To this, Dr Tan said that EMA will be getting all prospective energy importers to submit information on their energy sources and environmental studies to assess their impact. He added that these measures will make Singapore's economy more sustainable, but solar deployment requires space, and with Singapore's land constraints, there will be added costs.


Dr Tan then addressed MPs' questions on electricity prices in Singapore and how consumers can be encouraged to cut electricity usage. The minister explained that while wholesale electricity market prices are depressed today due to a glut in the electricity market, but this overcapacity is not likely to last.

"Wholesale electricity prices will also rise and normalise, with rising demand driven by the growth of sectors such as data centres, 5G networks, agri-tech, as well as the

adoption of EVs" he said. "Over the medium to long run, electricity prices normalising is inevitable ... No company that's commercially run will sell electricity below cost perpetually. What we need to prevent is a swing from a glut to a severe shortage of capacity and this will result in sharp price spikes; perhaps even blackouts as we saw in Texas."

EMA has studied how other places have managed this and is consulting the industry on the way forward, he said, adding that more details will be announced later this year.

"We are committed to smoothening these price surges and volatility," Dr Tan said. "Even if prices must go up, we will do our best to ensure that this increase is gradual, and the Government will act where necessary to minimise excessive surges."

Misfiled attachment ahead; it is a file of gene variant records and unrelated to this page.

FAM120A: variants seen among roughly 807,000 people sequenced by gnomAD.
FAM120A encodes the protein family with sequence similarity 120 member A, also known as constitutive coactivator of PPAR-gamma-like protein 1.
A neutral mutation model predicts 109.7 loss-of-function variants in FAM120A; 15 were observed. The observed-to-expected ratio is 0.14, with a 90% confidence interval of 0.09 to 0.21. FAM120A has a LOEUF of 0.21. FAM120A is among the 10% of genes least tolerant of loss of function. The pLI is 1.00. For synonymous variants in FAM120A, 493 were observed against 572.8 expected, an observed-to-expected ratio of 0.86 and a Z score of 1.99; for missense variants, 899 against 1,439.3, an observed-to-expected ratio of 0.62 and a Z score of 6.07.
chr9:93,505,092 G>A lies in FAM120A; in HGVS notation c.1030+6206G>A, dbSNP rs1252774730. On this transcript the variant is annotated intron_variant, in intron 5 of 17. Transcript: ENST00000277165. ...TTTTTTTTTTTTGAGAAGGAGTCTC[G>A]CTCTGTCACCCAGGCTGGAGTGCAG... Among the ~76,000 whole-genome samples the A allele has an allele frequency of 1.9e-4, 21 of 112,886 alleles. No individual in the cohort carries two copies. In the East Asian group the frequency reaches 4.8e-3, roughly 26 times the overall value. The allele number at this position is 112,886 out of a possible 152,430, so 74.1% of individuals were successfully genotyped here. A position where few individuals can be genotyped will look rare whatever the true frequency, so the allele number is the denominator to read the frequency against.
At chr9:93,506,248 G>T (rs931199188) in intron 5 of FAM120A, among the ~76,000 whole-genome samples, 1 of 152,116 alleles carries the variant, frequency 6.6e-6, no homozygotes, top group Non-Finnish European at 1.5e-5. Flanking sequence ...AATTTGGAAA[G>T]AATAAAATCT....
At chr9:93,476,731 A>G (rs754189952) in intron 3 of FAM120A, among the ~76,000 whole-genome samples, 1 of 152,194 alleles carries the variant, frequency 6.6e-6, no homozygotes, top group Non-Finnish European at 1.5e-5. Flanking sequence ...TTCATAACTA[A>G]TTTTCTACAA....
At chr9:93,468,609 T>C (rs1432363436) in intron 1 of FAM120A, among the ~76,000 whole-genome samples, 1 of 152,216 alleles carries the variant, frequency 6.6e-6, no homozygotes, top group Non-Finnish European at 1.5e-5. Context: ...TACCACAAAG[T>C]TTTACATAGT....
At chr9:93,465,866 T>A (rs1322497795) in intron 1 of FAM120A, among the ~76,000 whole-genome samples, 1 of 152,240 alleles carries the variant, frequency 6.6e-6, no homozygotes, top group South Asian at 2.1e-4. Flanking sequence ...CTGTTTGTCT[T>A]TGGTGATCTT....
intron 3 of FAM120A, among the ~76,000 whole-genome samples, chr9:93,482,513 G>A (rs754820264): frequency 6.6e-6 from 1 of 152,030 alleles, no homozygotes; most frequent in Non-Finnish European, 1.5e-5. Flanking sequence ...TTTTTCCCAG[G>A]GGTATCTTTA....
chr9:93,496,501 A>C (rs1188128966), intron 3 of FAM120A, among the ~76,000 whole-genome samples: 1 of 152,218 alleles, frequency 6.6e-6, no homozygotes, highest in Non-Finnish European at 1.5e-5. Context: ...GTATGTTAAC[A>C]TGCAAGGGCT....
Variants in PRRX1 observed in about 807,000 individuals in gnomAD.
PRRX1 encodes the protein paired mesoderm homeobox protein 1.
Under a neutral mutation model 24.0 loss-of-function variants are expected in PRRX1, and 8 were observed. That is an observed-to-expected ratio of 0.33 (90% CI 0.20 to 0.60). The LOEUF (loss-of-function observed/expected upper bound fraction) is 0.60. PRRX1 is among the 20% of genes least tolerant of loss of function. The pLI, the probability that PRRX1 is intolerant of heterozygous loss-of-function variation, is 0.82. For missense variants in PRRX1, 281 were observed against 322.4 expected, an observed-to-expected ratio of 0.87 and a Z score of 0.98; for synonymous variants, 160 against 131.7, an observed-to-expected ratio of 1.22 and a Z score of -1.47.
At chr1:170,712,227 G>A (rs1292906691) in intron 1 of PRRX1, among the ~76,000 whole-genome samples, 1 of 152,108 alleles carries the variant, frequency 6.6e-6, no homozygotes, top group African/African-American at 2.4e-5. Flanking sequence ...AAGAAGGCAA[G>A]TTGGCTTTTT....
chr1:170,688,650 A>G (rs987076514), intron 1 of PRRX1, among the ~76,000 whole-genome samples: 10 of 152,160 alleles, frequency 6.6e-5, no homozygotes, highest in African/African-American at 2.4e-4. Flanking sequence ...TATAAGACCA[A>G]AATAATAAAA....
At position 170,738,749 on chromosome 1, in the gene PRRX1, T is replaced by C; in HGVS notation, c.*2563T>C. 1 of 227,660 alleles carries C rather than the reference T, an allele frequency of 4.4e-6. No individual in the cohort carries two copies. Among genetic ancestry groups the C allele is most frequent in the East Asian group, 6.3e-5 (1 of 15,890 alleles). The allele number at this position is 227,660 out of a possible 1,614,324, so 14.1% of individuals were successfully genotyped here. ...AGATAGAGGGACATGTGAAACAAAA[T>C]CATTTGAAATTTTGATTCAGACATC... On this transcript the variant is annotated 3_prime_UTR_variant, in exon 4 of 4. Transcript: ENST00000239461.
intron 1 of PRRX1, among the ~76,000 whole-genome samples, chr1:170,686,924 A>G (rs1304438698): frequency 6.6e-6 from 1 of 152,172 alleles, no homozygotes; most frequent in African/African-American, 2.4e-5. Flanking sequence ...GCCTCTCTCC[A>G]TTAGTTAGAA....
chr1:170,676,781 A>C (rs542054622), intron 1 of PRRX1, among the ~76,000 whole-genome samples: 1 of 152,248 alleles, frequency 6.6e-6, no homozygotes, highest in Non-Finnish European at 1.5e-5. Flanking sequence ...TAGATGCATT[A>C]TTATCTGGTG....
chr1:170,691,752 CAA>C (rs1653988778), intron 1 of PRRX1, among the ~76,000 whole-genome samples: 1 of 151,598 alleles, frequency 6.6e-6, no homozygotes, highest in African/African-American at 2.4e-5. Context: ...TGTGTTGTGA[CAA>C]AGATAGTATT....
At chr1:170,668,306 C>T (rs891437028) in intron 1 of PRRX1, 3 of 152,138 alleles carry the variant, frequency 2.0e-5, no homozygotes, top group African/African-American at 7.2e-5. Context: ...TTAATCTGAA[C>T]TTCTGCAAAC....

Dr Tan also pointed out that fuel prices dipped to their lowest in 20 years last year due to the COVID-19 pandemic but they will rise as global demand recovers and this will lead to electricity prices rising.

"The Government will do our best to manage our 'energy trilemma' by introducing more renewable energy in our energy mix, enhancing the efficiency of our power systems, and minimising the impact on prices," he said.

"However, 'right-pricing' energy is critical to encouraging prudent use of electricity. We must adopt energy conservation as a way of life for all of us here in Singapore."

For example, Singapore households can switch from using gas to electricity appliances for cooking, he said.

"It is also safer as the risks of gas leaks and fires are reduced. And some of the newer electrical cooking appliances, they do produce very, very good wok hei - the heat that is required to give you very good hor fun," said Dr Tan.


Speaking after Dr Tan, Trade and Industry Minister Chan Chun Sing said that existing industries need to produce and operate more sustainably. He announced that Sentosa will become a carbon-neutral destination by 2030, when he expects that global tourism will have revived.

"Through such efforts. we will strengthen Singapore as an exemplary sustainable tourism destination," said Mr Chan.

Singapore is taking active steps to transform the Energy and Chemicals sector, he added. "We are also stepping up decarbonisation and resource optimisation efforts at the plant and systems levels, to transform Jurong Island into a sustainable energy and chemicals park." The country also needs to tap on new opportunities for green growth, such as carbon services sector and green financing, he said.

"Singaporeans can take advantage of these bright spots by upskilling and re-skilling themselves," he said. He concluded that Singapore aspires to be a "bright green spark", by being an inspiration to the world on how it overcomes sustainability constraints. "This is why under the Research, Innovation, and Enterprise Plan 2025, we are

attracting companies to anchor their R&D activities in Singapore," he said.

"We will continue to support the start-up and innovation ecosystems in sustainability-related sectors. We endeavour to help others overcome their sustainability constraints, both regionally and globally."